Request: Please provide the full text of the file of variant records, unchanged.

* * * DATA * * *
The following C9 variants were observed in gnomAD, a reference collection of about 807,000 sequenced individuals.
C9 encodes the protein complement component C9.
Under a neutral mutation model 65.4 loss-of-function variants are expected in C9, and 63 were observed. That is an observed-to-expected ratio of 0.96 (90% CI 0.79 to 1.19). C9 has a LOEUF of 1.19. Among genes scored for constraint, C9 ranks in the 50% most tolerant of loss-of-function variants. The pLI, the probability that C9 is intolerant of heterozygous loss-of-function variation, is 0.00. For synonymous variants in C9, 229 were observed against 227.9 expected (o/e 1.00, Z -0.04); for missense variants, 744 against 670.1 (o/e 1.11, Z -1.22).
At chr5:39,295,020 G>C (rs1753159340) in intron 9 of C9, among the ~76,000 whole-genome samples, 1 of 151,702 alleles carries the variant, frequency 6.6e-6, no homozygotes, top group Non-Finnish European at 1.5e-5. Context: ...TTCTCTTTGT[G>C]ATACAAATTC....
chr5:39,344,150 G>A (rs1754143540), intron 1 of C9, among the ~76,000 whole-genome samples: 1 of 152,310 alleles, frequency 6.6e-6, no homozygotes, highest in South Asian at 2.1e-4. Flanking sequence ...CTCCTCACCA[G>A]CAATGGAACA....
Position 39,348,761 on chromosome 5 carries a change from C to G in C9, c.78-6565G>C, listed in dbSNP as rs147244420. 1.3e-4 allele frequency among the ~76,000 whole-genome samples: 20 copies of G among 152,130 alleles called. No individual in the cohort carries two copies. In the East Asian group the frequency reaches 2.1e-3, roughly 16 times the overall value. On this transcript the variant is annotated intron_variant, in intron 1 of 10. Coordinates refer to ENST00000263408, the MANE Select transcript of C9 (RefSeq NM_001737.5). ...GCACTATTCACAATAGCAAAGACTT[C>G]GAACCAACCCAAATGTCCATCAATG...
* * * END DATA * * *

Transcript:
The following C9 variants were observed in gnomAD, a reference collection of about 807,000 sequenced individuals.
C9 encodes the protein complement component C9.
Under a neutral mutation model 65.4 loss-of-function variants are expected in C9, and 63 were observed. That is an observed-to-expected ratio of 0.96 (90% CI 0.79 to 1.19). C9 has a LOEUF of 1.19. Among genes scored for constraint, C9 ranks in the 50% most tolerant of loss-of-function variants. The pLI, the probability that C9 is intolerant of heterozygous loss-of-function variation, is 0.00. For synonymous variants in C9, 229 were observed against 227.9 expected (o/e 1.00, Z -0.04); for missense variants, 744 against 670.1 (o/e 1.11, Z -1.22).
At chr5:39,295,020 G>C (rs1753159340) in intron 9 of C9, among the ~76,000 whole-genome samples, 1 of 151,702 alleles carries the variant, frequency 6.6e-6, no homozygotes, top group Non-Finnish European at 1.5e-5. Context: ...TTCTCTTTGT[G>C]ATACAAATTC....
chr5:39,344,150 G>A (rs1754143540), intron 1 of C9, among the ~76,000 whole-genome samples: 1 of 152,310 alleles, frequency 6.6e-6, no homozygotes, highest in South Asian at 2.1e-4. Flanking sequence ...CTCCTCACCA[G>A]CAATGGAACA....
Position 39,348,761 on chromosome 5 carries a change from C to G in C9, c.78-6565G>C, listed in dbSNP as rs147244420. 1.3e-4 allele frequency among the ~76,000 whole-genome samples: 20 copies of G among 152,130 alleles called. No individual in the cohort carries two copies. In the East Asian group the frequency reaches 2.1e-3, roughly 16 times the overall value. On this transcript the variant is annotated intron_variant, in intron 1 of 10. Coordinates refer to ENST00000263408, the MANE Select transcript of C9 (RefSeq NM_001737.5). ...GCACTATTCACAATAGCAAAGACTT[C>G]GAACCAACCCAAATGTCCATCAATG...